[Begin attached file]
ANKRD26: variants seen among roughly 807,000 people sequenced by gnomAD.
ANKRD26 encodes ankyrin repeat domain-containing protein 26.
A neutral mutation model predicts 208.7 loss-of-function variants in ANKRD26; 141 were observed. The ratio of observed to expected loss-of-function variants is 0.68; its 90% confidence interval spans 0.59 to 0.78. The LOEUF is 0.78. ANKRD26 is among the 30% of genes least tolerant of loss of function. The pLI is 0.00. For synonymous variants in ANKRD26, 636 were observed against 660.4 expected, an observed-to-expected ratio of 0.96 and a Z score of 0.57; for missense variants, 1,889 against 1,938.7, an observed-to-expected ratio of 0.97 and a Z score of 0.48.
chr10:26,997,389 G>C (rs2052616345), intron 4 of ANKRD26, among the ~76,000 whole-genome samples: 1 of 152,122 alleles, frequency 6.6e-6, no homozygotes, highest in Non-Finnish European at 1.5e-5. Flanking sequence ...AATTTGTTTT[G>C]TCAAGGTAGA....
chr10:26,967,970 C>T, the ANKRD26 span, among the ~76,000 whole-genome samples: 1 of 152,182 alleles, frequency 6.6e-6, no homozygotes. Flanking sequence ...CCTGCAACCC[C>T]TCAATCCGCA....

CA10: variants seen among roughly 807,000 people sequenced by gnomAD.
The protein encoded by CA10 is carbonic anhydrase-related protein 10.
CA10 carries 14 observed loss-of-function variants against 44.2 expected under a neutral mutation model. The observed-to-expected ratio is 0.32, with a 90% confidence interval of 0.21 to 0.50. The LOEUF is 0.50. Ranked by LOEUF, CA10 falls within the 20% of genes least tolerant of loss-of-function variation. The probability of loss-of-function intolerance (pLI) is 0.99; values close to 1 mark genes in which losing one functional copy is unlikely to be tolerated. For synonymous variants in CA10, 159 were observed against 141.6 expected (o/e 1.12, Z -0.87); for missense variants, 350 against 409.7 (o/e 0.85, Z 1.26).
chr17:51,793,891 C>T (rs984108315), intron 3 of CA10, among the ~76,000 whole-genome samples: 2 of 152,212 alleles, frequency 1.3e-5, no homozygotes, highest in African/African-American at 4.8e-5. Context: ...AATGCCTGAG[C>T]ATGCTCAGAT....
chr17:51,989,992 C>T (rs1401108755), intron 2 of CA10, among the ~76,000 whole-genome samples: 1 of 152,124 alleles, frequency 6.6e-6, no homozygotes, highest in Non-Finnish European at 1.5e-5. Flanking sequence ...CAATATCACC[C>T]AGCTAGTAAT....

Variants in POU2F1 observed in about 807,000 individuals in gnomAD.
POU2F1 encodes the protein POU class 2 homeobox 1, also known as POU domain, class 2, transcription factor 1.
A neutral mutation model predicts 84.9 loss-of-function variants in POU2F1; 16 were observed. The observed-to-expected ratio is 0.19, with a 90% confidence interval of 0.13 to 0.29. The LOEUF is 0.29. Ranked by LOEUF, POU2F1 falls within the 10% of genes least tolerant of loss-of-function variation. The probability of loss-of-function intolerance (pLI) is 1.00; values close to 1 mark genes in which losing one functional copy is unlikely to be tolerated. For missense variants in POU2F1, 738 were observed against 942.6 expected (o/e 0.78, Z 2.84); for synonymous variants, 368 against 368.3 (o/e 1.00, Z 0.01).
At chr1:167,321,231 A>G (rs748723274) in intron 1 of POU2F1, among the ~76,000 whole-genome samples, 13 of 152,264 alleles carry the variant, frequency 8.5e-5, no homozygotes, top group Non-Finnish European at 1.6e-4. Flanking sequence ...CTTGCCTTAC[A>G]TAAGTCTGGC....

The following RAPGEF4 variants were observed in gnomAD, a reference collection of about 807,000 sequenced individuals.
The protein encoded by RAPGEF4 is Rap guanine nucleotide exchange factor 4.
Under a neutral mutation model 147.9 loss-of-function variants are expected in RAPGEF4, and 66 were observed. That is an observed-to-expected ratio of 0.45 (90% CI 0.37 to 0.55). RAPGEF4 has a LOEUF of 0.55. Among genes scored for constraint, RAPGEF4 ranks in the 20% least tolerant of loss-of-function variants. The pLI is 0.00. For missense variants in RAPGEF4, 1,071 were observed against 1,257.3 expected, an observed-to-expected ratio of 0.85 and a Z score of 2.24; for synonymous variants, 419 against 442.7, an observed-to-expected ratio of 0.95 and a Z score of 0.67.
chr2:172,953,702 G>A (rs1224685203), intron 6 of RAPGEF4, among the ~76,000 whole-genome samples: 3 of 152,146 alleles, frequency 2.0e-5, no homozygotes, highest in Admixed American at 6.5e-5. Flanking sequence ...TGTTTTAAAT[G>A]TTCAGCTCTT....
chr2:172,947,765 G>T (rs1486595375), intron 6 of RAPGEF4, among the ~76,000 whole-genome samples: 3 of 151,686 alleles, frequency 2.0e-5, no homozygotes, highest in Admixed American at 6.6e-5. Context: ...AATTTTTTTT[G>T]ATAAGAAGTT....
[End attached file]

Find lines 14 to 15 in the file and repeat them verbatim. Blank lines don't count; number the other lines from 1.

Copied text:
At chr1:167,321,231 A>G (rs748723274) in intron 1 of POU2F1, among the ~76,000 whole-genome samples, 13 of 152,264 alleles carry the variant, frequency 8.5e-5, no homozygotes, top group Non-Finnish European at 1.6e-4. Flanking sequence ...CTTGCCTTAC[A>G]TAAGTCTGGC....

The following RAPGEF4 variants were observed in gnomAD, a reference collection of about 807,000 sequenced individuals.